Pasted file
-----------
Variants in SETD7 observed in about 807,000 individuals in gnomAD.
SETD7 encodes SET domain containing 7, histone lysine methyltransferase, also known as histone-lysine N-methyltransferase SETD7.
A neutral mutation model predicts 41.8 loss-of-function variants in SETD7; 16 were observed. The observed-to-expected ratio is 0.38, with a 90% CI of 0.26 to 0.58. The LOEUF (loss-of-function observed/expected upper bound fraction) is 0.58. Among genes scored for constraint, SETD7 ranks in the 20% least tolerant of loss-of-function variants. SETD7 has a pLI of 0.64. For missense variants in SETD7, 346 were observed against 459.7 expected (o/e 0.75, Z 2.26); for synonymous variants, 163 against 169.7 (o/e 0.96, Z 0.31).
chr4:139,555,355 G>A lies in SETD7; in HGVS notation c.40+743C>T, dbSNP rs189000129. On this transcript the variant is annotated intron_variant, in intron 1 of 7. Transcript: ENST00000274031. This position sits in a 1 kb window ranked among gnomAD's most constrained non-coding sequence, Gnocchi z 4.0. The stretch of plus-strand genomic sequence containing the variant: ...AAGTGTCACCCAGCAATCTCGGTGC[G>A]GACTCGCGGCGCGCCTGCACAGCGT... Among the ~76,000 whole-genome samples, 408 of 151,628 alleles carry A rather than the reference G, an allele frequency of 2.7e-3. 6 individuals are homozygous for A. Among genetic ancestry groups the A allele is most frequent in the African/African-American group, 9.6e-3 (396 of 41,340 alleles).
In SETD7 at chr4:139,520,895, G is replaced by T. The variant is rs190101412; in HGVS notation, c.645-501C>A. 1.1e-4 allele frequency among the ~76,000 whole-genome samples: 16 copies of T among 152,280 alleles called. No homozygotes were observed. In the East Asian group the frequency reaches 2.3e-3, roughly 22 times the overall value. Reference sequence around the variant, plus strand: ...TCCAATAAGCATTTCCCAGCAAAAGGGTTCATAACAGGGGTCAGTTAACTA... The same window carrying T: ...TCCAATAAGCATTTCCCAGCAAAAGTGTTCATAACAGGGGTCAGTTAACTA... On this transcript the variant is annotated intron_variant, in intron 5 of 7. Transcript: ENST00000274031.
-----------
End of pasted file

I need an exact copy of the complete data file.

Variants in SETD7 observed in about 807,000 individuals in gnomAD.
SETD7 encodes SET domain containing 7, histone lysine methyltransferase, also known as histone-lysine N-methyltransferase SETD7.
A neutral mutation model predicts 41.8 loss-of-function variants in SETD7; 16 were observed. The observed-to-expected ratio is 0.38, with a 90% CI of 0.26 to 0.58. The LOEUF (loss-of-function observed/expected upper bound fraction) is 0.58. Among genes scored for constraint, SETD7 ranks in the 20% least tolerant of loss-of-function variants. SETD7 has a pLI of 0.64. For missense variants in SETD7, 346 were observed against 459.7 expected (o/e 0.75, Z 2.26); for synonymous variants, 163 against 169.7 (o/e 0.96, Z 0.31).
chr4:139,555,355 G>A lies in SETD7; in HGVS notation c.40+743C>T, dbSNP rs189000129. On this transcript the variant is annotated intron_variant, in intron 1 of 7. Transcript: ENST00000274031. This position sits in a 1 kb window ranked among gnomAD's most constrained non-coding sequence, Gnocchi z 4.0. The stretch of plus-strand genomic sequence containing the variant: ...AAGTGTCACCCAGCAATCTCGGTGC[G>A]GACTCGCGGCGCGCCTGCACAGCGT... Among the ~76,000 whole-genome samples, 408 of 151,628 alleles carry A rather than the reference G, an allele frequency of 2.7e-3. 6 individuals are homozygous for A. Among genetic ancestry groups the A allele is most frequent in the African/African-American group, 9.6e-3 (396 of 41,340 alleles).
In SETD7 at chr4:139,520,895, G is replaced by T. The variant is rs190101412; in HGVS notation, c.645-501C>A. 1.1e-4 allele frequency among the ~76,000 whole-genome samples: 16 copies of T among 152,280 alleles called. No homozygotes were observed. In the East Asian group the frequency reaches 2.3e-3, roughly 22 times the overall value. Reference sequence around the variant, plus strand: ...TCCAATAAGCATTTCCCAGCAAAAGGGTTCATAACAGGGGTCAGTTAACTA... The same window carrying T: ...TCCAATAAGCATTTCCCAGCAAAAGTGTTCATAACAGGGGTCAGTTAACTA... On this transcript the variant is annotated intron_variant, in intron 5 of 7. Transcript: ENST00000274031.